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Singapore: Troop carriers held in Hong Kong should be freed

Associated Press logo Associated Press 9/01/2017 By ANNABELLE LIANG, Associated Press

SINGAPORE — Singapore's defense minister said Monday that nine armored personnel carriers that are being held in Hong Kong should be returned immediately under sovereign immunity laws.

Customs authorities in Hong Kong, a Chinese territory, seized the eight-wheeled Terrex infantry carriers in November. The vehicles were being shipped back to Singapore following military training exercises in Taiwan.

The "Terrexes and other equipment detained in Hong Kong are the property of the Singapore government. They are protected by sovereign immunity," Defense Minister Ng Eng Hen said in parliament. "This means they are immune from any measures of constraint abroad."

The incident appears to signal China's unhappiness with Singapore's positions on the South China Sea and Taiwan, which Beijing considers a part of China.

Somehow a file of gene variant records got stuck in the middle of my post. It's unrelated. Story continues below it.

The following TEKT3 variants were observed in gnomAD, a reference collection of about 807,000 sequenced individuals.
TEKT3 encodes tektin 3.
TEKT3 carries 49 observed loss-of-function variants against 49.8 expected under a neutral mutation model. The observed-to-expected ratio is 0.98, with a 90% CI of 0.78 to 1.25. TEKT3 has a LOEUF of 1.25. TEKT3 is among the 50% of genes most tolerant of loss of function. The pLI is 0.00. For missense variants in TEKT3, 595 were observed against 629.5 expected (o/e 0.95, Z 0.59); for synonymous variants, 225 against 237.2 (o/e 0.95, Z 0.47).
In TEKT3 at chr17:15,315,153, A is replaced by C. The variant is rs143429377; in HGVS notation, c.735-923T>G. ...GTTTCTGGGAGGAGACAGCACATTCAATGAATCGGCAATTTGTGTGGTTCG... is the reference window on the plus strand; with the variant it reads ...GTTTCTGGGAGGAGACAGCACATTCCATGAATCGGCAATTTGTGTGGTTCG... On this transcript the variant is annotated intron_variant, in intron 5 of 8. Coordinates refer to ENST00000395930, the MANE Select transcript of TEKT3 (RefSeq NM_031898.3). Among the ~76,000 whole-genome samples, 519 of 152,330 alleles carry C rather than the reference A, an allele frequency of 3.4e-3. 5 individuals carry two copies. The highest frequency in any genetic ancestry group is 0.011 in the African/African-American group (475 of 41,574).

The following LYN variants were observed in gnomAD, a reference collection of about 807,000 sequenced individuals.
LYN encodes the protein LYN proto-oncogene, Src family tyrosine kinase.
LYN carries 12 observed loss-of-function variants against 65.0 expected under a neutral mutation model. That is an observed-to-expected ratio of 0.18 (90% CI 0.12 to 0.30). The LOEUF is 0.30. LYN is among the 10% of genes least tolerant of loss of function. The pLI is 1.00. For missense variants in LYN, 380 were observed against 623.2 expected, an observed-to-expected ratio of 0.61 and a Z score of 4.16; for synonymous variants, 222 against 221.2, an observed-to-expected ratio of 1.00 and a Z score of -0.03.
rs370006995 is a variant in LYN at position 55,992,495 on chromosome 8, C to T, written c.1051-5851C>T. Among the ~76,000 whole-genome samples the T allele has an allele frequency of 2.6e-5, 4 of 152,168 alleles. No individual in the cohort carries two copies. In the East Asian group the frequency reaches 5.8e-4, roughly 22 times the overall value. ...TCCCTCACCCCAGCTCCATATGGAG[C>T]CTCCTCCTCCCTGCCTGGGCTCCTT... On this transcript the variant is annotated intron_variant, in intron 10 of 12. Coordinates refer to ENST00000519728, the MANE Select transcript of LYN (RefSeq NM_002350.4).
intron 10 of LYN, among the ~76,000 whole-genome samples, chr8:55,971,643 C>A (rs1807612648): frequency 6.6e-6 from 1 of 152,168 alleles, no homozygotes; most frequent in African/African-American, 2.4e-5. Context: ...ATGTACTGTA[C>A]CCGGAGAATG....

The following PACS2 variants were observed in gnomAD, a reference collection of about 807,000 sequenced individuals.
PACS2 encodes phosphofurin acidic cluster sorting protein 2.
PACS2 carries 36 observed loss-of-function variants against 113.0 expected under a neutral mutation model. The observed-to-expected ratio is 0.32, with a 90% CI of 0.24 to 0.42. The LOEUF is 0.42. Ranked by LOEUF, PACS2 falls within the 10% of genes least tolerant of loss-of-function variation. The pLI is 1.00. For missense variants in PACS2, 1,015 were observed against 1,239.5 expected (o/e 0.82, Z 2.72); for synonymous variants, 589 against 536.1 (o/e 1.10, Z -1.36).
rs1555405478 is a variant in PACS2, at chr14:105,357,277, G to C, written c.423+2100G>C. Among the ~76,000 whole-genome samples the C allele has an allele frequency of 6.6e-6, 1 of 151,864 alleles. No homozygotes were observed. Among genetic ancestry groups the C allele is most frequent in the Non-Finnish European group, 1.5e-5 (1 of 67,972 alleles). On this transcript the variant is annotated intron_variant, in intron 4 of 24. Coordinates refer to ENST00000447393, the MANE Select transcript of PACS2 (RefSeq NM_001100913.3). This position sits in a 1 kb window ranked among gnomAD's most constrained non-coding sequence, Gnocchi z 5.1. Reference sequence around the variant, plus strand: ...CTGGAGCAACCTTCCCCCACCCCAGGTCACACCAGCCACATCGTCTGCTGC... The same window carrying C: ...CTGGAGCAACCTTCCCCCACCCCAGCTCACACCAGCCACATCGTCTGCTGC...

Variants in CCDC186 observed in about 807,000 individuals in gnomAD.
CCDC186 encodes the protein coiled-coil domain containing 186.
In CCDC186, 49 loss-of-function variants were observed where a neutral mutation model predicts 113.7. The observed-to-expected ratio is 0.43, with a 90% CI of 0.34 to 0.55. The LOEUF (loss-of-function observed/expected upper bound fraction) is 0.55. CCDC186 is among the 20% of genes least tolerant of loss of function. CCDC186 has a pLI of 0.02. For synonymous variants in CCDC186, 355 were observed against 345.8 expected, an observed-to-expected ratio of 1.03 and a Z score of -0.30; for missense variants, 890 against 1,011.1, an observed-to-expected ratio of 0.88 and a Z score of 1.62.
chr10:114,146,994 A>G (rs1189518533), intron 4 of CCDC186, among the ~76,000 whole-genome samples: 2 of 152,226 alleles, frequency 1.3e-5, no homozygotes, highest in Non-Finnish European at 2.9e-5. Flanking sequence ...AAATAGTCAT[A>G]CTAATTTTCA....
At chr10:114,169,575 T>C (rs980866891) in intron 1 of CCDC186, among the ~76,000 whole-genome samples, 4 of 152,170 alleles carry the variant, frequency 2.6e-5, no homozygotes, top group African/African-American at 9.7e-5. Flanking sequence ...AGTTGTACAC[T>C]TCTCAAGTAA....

Although not a claimant in the South China Sea, Singapore has irritated China by advocating that countries abide by international rules. China claims most of the strategic waterway despite a landmark ruling by an international tribunal in July that invalidated its claims.

Hong Kong's Customs and Excise Department said Monday that it could not provide further information because the case was still under investigation. In November, the department said in response to questions about the seizure that 12 shipping containers passing through the city's port en route to Singapore were detained because "suspected controlled items" were found on board.

Chinese Foreign Ministry spokesman Lu Kang said Monday that Hong Kong is "handling the matter in accordance with relevant laws and regulations."

Professor Simon Chesterman, dean of law at the National University of Singapore, said sovereign immunity should apply in this case.

"Given China's strong position on sovereign immunity, which it has invoked in other jurisdictions for its own protection, it would be surprising if this matter is not resolved - eventually," he said.

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Associated Press writers Kelvin Chan in Hong Kong and Christopher Bodeen in Beijing contributed to this report.

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